Feeling disturbed by the kitty you’ve had for years who keeps hissing at you and others? Pet owners need not be alarmed, cat hissing isn’t necessarily cause for concern and is actually normal cat behavior.
A cat hiss is a drawn-out, low intensity sound produced by a long exhalation from the feline, with their mouth open and teeth exposed. It is a very short sound and can stop suddenly.
Hissing is accompanied by a change in body posture. You’ll see the cat with their ears flattened to the side of the head, an arched back and their fur standing on end.
But why do cats hiss at us and other animals? Newsweek asked the experts.
Why Do Cats Hiss?
A cat’s hissing sound is involuntary and triggered by “the surprise appearance of an enemy,” a January 2020 study on feline behavior explained. “The sound is produced mostly in agonistic situations in order to warn an opponent.”
Author Pam Johnson-Bennett from Cat Behavior Associates told Newsweek, the defensive sound indicates the cat is scared and feels threatened. “Cats try to avoid physical confrontations so they use vocal warnings, in combination with body posturing to deter the opponent.”
Is Hissing a Sign of Aggression?
It’s important to note that hissing is not aggressive behavior but rather a sign that the cat is unhappy with something, Graham J. Lewis, a veterinary surgeon from the Paragon Veterinary Group, told Newsweek.
“It is usually a warning before any aggression and if you are able to understand this then the situation can be deescalated before the cat becomes aggressive,” he explained.
As it is a defensive form of communication, the hissing sound shows the cat does not want to engage and is hoping the threat will back off, Johnson-Bennett added.
While hissing is not an indication of aggression, it can be a sign your cat will attack if they continue to be provoked.
Why Is My Cat Hissing at Me?
Hissing is an important mode of communication for your feline friends and indicates the cat is unhappy with a situation, Zazie Todd, the author of the forthcoming book PURR: The Science of Making Your Cat Happy, told Newsweek.
If your cat hisses at you or other humans, they may feel threatened by you or others at that moment or because of the way they are being handled.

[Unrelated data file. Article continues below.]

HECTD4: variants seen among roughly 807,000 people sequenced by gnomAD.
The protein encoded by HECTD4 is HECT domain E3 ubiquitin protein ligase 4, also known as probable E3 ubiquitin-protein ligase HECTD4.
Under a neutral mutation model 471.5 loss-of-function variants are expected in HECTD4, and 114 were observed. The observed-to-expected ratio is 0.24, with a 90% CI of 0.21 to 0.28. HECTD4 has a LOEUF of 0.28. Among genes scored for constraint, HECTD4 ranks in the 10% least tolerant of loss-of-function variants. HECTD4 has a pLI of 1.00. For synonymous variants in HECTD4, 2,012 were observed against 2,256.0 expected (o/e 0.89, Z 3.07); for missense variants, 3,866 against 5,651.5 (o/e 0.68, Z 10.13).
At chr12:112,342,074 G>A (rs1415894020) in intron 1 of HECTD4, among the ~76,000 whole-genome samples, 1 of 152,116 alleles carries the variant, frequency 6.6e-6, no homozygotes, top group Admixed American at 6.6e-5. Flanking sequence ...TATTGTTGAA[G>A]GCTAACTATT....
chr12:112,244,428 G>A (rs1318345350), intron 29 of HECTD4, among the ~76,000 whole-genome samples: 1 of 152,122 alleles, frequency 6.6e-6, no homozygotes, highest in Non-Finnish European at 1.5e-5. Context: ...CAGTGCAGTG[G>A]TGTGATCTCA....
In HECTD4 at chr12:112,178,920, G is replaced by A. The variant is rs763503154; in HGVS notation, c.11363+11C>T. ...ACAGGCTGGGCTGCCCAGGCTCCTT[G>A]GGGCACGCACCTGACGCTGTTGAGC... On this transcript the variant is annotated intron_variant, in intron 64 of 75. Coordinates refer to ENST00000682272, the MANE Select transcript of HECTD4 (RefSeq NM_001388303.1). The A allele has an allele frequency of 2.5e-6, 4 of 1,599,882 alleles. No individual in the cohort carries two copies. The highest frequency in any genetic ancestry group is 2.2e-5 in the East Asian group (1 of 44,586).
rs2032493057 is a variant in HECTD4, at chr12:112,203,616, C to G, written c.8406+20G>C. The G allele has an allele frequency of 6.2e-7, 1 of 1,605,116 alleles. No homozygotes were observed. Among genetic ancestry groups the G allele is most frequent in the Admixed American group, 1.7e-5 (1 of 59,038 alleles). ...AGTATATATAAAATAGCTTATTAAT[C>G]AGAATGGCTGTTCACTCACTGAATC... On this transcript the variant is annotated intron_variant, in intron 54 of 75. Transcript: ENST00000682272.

Lewis explained: “This is usually because they are feeling threatened in some way. This might be something you are doing that is irritating your cat or they are wanting some space and to be left alone at that time.”
For example, a cat may hiss while you’re trying to get them into a carrier for a visit to the veterinarian’s office. The kitty may also hiss while being restrained by staff during examinations or treatments while there.
Cats may even hiss at familiar animals or people if the immediate circumstances make them feel threatened, Johnson-Bennett noted.
Fearing the Unfamiliar
Some cats hiss due to a fear of new and unfamiliar people and objects in their home environment, which throws them off.
Rachael Myers, Animal Behaviourist at U.K. pet charity Blue Cross told Newsweek: “If you are doing something to your cat and they hiss at you it’s important to listen to this and stop what you are doing.”
To help ease their fear, owners can try “systematic desensitization with counter-conditioning,” Dr. Marci Koski, a certified feline behavior and training professional with Feline Behavior Solutions in Vancouver, Washington, explained to PetMD.
This entails gradually exposing your feline friend to low levels of whatever it fears (be that a person or an object), while providing positive reinforcements, such as treats or affection.
“With time, the hissing will decrease, and your cat will feel more comfortable with his home and its inhabitants,” Koski said.
Cats do not cope well with stress, so the hissing could potentially be connected to stressors in their environment. They can sometimes be stressed out by loud noises and “quick, sporadic movements,” Alana Stevenson, a certified animal behaviorist based in Boston, explained in the PetMD article.
It is not uncommon for cats to react defensively to stress by hissing.